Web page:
Tuesday, December 1, 2009

Mike, you look toasted

Huckabee3 No, wait...you are toast!

It didn't take long for the news to come out that the cop shooter in Washington was pardoned from what was essentially a life sentence by the Arkansas Governor at the time, Mike Huckabee. (No disrespect towards the victims are meant in my caption. No, every bit of any disrespect is intended for Huckabee.)

I think it's safe to say that this pretty much dooms any chances he had for running for President in 2012, especially since he's faced this issue before with his pardon of a rapist who went on to rape and murder another woman. In doing some further reading, I'm disturbed by his penchant for commuting sentences.

According to an article on Politics Daily, Huckabee often let politics and connections influence his decisions. What is more disturbing to me is this:

Other prisoners, such as Clemmons, claimed to be on the straight and narrow after religious rebirths. Huckabee was "a bit of a sucker sometimes for the noble notion of personal redemption" because of his own background as a preacher, John Brummett, a columnist for the Arkansas News, wrote me in an e-mail. "He was perceived as soft or oddly sympathetic to prisoners. For a couple of years, the big political story in Arkansas was that Democrats and prosecutors professed themselves aghast at the rate at which he commuted the sentences of violent offenders."

Why did Huckabee grant the commutations? Joe Carter [former research director of his presidential campaign] says it was courage mixed with political naivete ("The governor seemed genuinely surprised that he was held responsible for the criminal acts committed by those whose sentences he had commuted as governor") and too much trust in conversion stories ("The opinion of clergy appears to have carried a great deal of weight in the decision-making process"). Carter concludes that Huckabee is an appealing candidate because of his empathy and belief in the individual, and for those same reasons he will never get to the White House.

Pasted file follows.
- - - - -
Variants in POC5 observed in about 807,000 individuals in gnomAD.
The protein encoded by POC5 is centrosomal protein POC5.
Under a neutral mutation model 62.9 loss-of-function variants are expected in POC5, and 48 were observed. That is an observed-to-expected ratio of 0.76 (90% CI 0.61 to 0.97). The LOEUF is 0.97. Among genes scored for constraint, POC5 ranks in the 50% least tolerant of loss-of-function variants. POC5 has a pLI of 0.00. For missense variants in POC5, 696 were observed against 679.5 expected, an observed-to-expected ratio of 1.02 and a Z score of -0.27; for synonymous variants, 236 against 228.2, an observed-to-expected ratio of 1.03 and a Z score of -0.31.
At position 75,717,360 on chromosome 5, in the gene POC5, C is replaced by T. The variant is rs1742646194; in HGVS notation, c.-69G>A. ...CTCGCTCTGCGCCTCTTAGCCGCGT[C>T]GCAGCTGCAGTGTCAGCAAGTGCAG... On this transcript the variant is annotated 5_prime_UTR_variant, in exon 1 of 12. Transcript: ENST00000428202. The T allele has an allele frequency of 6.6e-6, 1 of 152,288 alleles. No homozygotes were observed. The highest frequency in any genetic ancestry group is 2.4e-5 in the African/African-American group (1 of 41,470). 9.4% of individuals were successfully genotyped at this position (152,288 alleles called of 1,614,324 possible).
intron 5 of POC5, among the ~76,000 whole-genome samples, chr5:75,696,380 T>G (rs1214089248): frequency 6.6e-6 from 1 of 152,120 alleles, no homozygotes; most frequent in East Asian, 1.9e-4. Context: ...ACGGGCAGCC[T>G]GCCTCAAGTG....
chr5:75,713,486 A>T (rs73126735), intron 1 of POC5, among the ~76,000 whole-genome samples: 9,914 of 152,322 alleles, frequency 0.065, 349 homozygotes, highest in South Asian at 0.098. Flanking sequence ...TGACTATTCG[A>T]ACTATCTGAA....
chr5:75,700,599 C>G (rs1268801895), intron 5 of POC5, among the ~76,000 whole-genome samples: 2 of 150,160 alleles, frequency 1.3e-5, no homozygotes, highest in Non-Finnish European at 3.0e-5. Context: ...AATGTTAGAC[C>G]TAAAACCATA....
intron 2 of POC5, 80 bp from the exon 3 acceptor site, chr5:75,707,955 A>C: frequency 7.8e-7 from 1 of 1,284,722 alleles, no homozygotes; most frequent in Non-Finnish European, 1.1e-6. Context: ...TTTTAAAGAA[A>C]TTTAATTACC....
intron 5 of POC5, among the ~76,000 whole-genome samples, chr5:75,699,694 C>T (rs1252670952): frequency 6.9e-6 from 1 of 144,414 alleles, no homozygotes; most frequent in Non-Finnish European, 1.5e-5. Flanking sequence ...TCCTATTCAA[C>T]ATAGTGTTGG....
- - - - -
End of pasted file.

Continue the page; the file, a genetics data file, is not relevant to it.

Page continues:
This goes back to what I wrote the other day about keeping religion out of political decision-making. Huckabee's thinking process was obviously clouded by his own religious beliefs. As a preacher, he wants to believe that redemption can occur through Christ. But why would you take the word of clergy, let alone that of the convicted criminal himself, over that of prosecutors and professionals who maintained that some of these people were continued menaces to society? I definitely believe that people can turn their lives around. But to believe the veracity of every jailhouse conversion that comes down the pike is the height of naiveté, and there is case to be made that it is atrociously negligent.

When we saw Huckabee speak a while back, I was perplexed by his little tale of "Hucktown." I wrote this at the time:

He went into this weird shtick about a fictional place he called "Hucktown," where there was only one law: Do unto others as you'd have them do unto you. Because of this law, Hucktown had no economic woes, no need for a large police force, no drug problem, no crime, blah blah blah...basically, all of our problems are due to the loss of our "sense of decency" and our lack of "ethical behavior."

WTF? I wrote down on my little pad of paper "Simplistic." To me, that is a fundamental problem with the recent Republican agenda...they want to return to a time that never existed. He painted a pretty picture, but you know what, Mike? There will always be liars, cheaters, and thieves. There will always be those who are motivated by nothing more than sheer greed. It's laudable to hope for better, and to believe the best of mankind, and you all know that for the most part, I try to be that way. I'm also a realist, and I know that there is no changing human nature, and that's why there must be regulatory agencies in place. Wow, he totally sounded like a Pollyanna on that one. "Everyone is wonderful, trust that they'll do unto you the way they would want you to do unto them!" Riiight, Mike. I bet they'd do unto me, all right.

It would seem that that is the way he lives his life, and hey, more power to you, Mike. However, this attitude, colored by your beliefs, led you to pardon some very mentally unstable and dangerous people, and now more people are dead. If you want to live your life that way, have at it; however, it is dangerous to let such a simplistic world view influence what should be a rational, logical decision based upon documented evidence from professionals. "Yeah, I killed a buncha people but I love Jeebus now" just isn't good enough.